Volunteer Visitation at the Northwest Detention Center

By Pat Gunn

Recently a woman asked me what good visiting detained persons at the Northwest Detention Center does.  “What’s the point,” she said, “of visiting?”

It’s a good question.  People will have different answers.  Here’s mine.

Loneliness is like a gland that secretes pain and fear.  This emotion is a response to the isolation of detainment.  Individuals contend with the emotional pain of separation from their families and the physical discomfort of confinement. They fear their fate–a fate they cannot control. 

So, many persons detained at the Northwest Detention Center live in ever present pain and fear.  The persons in detainment live in separation and hold that loneliness in their hearts.  A visitor is like a salve.  For one hour twice a month, a visitor provides human contact and reassurance that the detained person is not forgotten and is not alone.  Through the process of active listening, a visitor provides space for the detained person to acknowledge their own human dignity.  In this moment, the visitor offers the grace of acknowledgement to the detained person.  A simple and small act of two humans affirming the worth of one another.   I believe it is in this act of recognition that we humans find transcendence. 

Visitation is the starting point for systemic change:  Only through the recognition of ourselves in others can we move forward as individuals and as a society.

Visitor Volunteer Orientation in Miami!

The Friends of Miami-Dade Detainees will be hosting an Immigration Detention Awareness and Visitor Orientation Program. This two hour session, hosted by our visitor volunteers, will give attendees an overview of immigration detention in the United States as well as the knowledge and skills necessary to become a visitor volunteer at the Krome Service Processing Center.

  • Date: Tuesday, March 11, 2014
  • Time: 7-9 pm
  • Place: Unitarian Universalist Congregation of Miami (7701 SW 72nd Ave Miami, FL 33143)

Reservations are not required, but an rsvp to friendsofmddetainees@gmail.com will be appreciated.

Santa Maria Community Members Say Not 1 More ICE Facility in California

Today, over 100 local, statewide, and national organizations as well as individuals sent the Santa Maria Planning Commission a letter urging the Commission not to approve the developer’s permit to build another ICE facility in California.

After hundreds of community members filled the Santa Maria City Council chamber on January 21, 2014, the latest information we have received from ICE is that ICE is seeking to relocate the existing Enforcement Removal Office personnel, who are working in temporary office space at the Federal Correctional Complex in Lompoc, to permanent office space in nearby Santa Maria.  The new location will have secure space for interviewing and holding for up to 12 hours individuals who are coming into ICE custody following their release from area jails or prisons.  It will not have overnight holding or bed space.  However, as detailed in the planned development permit, the facility will have barbed wire on the perimeter fence and a six-foot-high security fence.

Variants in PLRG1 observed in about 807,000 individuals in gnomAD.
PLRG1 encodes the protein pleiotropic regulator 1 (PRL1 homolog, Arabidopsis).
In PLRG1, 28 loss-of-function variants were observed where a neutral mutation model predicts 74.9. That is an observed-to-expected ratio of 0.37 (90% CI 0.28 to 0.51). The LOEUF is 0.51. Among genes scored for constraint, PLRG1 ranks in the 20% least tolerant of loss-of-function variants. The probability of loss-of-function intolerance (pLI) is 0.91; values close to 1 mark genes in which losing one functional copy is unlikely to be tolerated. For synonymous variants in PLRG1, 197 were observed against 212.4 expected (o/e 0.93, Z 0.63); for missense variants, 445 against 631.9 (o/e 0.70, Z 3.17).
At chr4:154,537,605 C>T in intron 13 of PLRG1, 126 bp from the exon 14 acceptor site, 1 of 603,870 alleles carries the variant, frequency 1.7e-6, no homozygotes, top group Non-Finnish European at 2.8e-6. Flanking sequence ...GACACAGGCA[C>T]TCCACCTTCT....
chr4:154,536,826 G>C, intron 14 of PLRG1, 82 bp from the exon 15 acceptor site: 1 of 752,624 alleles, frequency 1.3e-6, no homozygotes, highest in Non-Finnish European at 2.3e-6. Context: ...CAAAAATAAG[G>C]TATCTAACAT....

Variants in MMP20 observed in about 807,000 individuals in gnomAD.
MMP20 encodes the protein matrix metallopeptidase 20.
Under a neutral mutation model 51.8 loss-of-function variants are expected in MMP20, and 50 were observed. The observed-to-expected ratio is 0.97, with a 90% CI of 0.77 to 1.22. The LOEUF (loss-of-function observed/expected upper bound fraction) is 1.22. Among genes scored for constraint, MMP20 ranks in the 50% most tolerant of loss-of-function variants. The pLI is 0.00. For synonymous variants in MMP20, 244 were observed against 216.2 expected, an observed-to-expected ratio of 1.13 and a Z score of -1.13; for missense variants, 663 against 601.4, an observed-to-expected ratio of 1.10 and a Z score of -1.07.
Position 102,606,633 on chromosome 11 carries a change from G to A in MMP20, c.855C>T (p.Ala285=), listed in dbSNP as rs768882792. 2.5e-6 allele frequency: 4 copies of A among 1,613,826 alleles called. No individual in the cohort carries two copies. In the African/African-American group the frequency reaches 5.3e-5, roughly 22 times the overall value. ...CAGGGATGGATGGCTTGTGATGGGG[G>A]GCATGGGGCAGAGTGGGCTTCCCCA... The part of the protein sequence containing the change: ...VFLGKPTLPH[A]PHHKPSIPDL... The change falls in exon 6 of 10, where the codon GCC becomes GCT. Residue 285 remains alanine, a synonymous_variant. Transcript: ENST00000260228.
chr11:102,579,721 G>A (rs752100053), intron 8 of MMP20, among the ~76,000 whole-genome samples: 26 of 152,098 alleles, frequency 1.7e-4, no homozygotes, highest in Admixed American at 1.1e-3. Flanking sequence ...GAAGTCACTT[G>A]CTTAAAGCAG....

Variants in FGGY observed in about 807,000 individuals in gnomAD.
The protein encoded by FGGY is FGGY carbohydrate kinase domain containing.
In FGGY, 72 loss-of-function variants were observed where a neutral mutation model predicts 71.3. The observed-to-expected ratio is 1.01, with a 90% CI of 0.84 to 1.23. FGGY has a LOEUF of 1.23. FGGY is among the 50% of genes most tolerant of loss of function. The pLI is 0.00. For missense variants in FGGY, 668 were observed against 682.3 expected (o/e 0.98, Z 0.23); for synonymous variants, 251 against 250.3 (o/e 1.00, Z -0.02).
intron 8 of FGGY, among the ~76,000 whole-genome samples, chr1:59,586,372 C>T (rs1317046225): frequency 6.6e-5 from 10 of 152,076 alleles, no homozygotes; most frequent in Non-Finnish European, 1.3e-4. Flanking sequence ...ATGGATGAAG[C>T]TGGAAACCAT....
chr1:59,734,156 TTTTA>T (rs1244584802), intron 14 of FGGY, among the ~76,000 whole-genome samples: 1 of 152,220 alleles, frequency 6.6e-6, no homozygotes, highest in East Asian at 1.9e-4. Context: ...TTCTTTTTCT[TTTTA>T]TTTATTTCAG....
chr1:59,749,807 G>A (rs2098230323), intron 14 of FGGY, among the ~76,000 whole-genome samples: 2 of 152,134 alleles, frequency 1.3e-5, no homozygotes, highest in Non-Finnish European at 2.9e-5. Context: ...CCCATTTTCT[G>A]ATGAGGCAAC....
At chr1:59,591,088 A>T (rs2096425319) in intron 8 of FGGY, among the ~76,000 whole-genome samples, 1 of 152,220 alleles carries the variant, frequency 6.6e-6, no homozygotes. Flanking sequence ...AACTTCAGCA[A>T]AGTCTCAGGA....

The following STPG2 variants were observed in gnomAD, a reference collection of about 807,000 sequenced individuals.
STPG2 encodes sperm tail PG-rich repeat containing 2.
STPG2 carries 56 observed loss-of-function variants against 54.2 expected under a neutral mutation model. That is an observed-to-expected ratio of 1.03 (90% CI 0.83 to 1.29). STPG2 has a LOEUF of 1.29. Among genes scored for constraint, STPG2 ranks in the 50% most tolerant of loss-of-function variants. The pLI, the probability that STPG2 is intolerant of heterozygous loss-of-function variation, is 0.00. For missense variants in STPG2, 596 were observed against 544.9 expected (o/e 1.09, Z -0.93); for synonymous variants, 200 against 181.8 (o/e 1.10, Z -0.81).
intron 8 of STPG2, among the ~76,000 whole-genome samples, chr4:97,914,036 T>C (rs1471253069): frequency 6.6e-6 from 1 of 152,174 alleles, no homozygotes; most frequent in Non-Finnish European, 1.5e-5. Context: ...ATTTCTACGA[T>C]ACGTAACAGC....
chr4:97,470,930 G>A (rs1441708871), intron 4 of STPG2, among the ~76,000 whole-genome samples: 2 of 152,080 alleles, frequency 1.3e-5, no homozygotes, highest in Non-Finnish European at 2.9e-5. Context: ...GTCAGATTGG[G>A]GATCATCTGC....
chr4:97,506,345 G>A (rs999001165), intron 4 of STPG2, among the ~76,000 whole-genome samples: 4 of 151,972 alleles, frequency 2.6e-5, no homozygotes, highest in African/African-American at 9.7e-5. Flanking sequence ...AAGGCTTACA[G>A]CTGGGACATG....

“Whether ICE’s presence takes the form of an office building, a short-term holding facility, or a long-term immigration detention facility, we oppose the increased presence of ICE in the City of Santa Maria,” said Hazel Davalos, the Santa Maria Community Organizer with CAUSE.

The City of Santa Maria’s increased collaboration with ICE runs counter to the TRUST Act, AB 4, which was signed by Governor Brown in October 2013 and went into effect January 1, 2014.  The TRUST Act recognizes that increased cooperation with ICE can “harm community policing efforts because immigrant residents who are victims of or witnesses to crime, including domestic violence, are less likely to report crime or cooperate with law enforcement when any contact with law enforcement could result in deportation.”

“The Trust Act has made clear that the State of California believes less cooperation with ICE is in the interest of public safety and community policing,” said Christina Fialho, an attorney and co-executive director of Community Initiatives for Visiting Immigrants in Confinement (CIVIC).  “This proposed permit runs directly counter to California’s intentions and will erode public safety and community trust.”

California has the largest population of undocumented immigrants, and the largest deportation rates. The City of Santa Maria itself is a hub of agro-industrial activity and a thriving immigrant farmworker community.  

Come join us:

What: Santa Maria Planning Commission Meeting

When: Wednesday, February 5th

Time: 6:15 p.m.

Location: Santa Maria Fairgrounds (937 South Thornburg Street, Santa Maria, CA 93458)

Who: Community Initiatives for Visiting Immigrants in Confinement (CIVIC), Central Coast Alliance for a Sustainable Economy (CAUSE), California Immigrant Youth Justice Alliance (CIYJA), and Santa Maria community members.